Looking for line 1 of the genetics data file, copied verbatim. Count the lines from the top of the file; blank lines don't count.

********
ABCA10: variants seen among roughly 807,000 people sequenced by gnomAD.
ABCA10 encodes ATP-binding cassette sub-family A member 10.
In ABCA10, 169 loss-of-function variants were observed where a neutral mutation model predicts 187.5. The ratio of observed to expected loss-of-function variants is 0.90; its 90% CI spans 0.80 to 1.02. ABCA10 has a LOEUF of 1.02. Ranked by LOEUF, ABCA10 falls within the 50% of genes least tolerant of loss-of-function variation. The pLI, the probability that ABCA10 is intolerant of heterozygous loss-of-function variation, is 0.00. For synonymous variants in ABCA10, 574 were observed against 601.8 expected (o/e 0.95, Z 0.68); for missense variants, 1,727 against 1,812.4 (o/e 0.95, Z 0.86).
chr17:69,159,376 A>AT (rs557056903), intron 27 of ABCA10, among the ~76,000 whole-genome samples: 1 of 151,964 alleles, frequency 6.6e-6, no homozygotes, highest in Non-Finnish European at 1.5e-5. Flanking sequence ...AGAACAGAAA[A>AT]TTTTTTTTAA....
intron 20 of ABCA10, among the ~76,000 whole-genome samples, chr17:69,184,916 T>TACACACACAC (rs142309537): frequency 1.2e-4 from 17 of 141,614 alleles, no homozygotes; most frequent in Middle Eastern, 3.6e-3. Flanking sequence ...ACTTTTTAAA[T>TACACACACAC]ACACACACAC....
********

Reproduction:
ABCA10: variants seen among roughly 807,000 people sequenced by gnomAD.